Boxing has always been an Olympic sport. The ancient Greeks wrapped their fists in leather strips in the 7th century B.C. In the modern Games, gold medals have launched the sport’s greatest figures: Muhammad Ali, Joe Frazier, George Foreman and Oscar De La Hoya all made their first appearances on the world stage with a victory in the Olympics.
This summer in London, the Games of the XXX Olympiad will present a historic debut. For the first time, female boxers will compete. It’s been 19 years since a teenage girl named Dallas Malloy went to U.S. federal court to win women the right to participate in amateur boxing. Now Americans are punching their way toward the first U.S. Olympic women’s boxing team. Just getting to London will be a tough fight. For these boxers, these Olympics are a limited test run. Only 36 women will be allowed to compete in three weight divisions: flyweight (112-lb. limit), lightweight (132 lb.) and middleweight (165 lb.). Meanwhile, some 250 men will box in 10 weight classes.
Men’s Olympic bouts last for three 3-min. rounds. The women’s are four rounds of 2 min. each. Debate flared when AIBA, the international organization governing amateur boxing, suggested women might be required to wear short skirts rather than trunks to make it easier to distinguish them from male boxers. After an uproar, AIBA agreed that boxers may wear trunks or skirts.
The three champions of the U.S. Olympic women’s boxing trials in February near Spokane, Wash., each had to win four bouts. They are fighting for a chance to make history.
Flyweight Marlen Esparza, 22, grew up watching boxing with her father. She was student-body president of her Pasadena, Texas, high school and graduated in the top 2% of her class, but she put college on hold to pursue this Olympic opportunity. Esparza has boxed for 10 years and has been the U.S. national champion every year since 2006. She was a bronze medalist at the 2006 world championships. At the trials, Esparza demonstrated her sharp and fleet-footed style with blinding hand speed and poised control.
Queen Underwood of Seattle is a violist who played in an orchestra for years. She loves the attention of the crowd when she boxes. “Queen can hurt you,” U.S. coach Joe Zanders has said of the 27-year-old lightweight, who has been boxing for nine years. “She has a nice smile, but she will get after you.” Underwood is an aggressive and dangerous power puncher with crisp delivery, enormous stamina and implacable calm. She was a bronze medalist at the world championships in 2010 and has been a U.S. national champion every year since 2007.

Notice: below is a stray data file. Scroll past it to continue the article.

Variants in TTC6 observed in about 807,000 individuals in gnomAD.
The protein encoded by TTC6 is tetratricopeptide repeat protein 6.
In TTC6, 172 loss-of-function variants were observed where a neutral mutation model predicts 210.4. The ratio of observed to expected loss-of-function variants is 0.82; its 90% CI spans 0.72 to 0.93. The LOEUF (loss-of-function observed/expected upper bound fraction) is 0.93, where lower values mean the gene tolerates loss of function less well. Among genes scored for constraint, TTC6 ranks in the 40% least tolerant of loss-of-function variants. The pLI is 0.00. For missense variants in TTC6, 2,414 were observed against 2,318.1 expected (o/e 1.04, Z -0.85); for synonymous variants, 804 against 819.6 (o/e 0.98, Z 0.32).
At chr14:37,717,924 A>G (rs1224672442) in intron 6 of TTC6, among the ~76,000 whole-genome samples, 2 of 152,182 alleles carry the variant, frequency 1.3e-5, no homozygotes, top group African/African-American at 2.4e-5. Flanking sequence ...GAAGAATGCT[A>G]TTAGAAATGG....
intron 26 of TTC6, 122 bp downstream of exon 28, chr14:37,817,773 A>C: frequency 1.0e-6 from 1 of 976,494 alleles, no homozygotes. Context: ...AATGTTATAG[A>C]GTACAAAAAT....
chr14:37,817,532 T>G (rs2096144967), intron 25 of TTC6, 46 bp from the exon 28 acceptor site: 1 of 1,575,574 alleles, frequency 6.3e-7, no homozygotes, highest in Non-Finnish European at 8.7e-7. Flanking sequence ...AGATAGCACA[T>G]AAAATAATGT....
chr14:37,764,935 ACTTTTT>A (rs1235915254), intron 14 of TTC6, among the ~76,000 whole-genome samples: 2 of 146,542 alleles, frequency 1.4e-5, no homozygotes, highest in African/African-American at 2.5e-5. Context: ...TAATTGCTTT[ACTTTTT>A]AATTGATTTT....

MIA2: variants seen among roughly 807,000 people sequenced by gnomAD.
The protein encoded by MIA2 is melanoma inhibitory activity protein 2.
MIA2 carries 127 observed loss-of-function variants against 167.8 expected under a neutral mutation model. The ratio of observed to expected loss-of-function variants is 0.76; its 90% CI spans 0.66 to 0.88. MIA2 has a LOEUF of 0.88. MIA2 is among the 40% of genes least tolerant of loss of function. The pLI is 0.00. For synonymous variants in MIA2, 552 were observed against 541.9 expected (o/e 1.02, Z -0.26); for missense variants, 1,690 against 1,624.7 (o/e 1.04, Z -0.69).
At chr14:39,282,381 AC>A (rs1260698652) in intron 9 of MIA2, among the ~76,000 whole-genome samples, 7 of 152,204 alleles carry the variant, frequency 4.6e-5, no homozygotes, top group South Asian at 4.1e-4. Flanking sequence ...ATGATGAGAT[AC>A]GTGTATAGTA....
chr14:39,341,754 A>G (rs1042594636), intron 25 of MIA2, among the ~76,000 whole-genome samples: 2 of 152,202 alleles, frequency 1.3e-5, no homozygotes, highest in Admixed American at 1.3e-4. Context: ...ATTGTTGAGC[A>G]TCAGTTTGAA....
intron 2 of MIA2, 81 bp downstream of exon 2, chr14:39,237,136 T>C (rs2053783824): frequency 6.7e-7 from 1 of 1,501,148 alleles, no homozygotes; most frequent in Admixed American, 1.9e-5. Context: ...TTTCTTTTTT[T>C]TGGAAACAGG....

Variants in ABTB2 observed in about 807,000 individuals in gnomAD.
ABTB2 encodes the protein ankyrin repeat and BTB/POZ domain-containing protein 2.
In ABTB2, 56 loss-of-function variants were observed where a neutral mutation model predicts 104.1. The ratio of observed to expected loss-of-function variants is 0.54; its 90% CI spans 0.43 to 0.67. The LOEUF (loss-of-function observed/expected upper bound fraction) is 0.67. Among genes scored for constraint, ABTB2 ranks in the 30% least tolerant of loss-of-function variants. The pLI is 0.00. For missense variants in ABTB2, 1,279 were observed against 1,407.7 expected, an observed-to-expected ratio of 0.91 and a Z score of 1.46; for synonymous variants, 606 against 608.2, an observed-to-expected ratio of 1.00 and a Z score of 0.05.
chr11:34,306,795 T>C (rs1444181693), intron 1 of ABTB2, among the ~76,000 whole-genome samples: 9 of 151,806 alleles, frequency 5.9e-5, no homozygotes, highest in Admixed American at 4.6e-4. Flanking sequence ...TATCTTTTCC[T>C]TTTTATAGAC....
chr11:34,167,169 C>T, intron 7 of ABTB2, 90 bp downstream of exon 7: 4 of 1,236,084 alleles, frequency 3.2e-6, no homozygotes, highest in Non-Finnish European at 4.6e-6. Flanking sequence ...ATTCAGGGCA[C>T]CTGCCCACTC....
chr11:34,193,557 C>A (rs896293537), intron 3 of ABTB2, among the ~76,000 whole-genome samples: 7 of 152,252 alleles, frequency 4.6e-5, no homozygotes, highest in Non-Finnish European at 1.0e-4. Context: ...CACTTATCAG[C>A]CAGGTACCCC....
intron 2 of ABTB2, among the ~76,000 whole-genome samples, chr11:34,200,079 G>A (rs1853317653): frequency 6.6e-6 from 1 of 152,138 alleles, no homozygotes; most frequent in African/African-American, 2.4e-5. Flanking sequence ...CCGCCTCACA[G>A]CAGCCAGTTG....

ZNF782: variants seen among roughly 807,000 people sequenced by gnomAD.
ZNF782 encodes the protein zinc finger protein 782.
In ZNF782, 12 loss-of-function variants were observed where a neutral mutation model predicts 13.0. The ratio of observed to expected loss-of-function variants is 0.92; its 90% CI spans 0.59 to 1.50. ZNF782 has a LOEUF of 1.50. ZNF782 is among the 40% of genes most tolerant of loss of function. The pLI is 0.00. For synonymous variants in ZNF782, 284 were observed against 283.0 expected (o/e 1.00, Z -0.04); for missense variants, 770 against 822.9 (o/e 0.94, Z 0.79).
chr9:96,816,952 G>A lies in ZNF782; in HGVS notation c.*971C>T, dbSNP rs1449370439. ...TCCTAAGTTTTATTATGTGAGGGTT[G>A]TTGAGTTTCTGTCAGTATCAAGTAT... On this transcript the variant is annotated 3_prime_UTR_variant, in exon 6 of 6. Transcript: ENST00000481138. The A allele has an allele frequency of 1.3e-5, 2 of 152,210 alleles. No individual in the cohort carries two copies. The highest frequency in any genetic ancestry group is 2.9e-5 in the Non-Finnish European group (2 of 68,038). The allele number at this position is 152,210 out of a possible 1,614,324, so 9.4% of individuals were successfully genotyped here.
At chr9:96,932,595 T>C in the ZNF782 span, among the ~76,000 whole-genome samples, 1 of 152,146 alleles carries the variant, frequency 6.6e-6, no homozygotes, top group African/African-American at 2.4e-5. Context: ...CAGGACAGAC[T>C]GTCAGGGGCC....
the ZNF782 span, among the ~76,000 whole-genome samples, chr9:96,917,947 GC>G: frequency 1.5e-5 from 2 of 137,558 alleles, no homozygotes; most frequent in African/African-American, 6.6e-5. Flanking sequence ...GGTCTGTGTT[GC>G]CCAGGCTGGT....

Middleweight Claressa Shields started boxing six years ago after her father told her the story of Muhammad Ali’s daughter Laila, who became a professional. Shields, a high school junior, is a two-time Junior Olympic champion and the 2011 National PAL champion. Olympic competitors must be at least 17, and Shields will turn 17 in March. She has wowed coaches with her extreme hand speed, well-schooled defense and counterpunching but most of all with her fiery attack strategy and ferocious barrage of heavy punches. On Feb. 18 she danced with joy at winning her weight division. The next day she was back at school in Flint, Mich.
In May the three will fly to Qinhuangdao, China, to compete in the 11-day world championships. The top eight finishers in each weight class will go to the London Games. An international committee will choose 12 additional boxers, four in each weight class, so each division will have 12 contenders. The women of nations from Poland to Afghanistan, from Mexico to South Korea, are in the gyms, preparing. And Esparza, Underwood and Shields are training hard.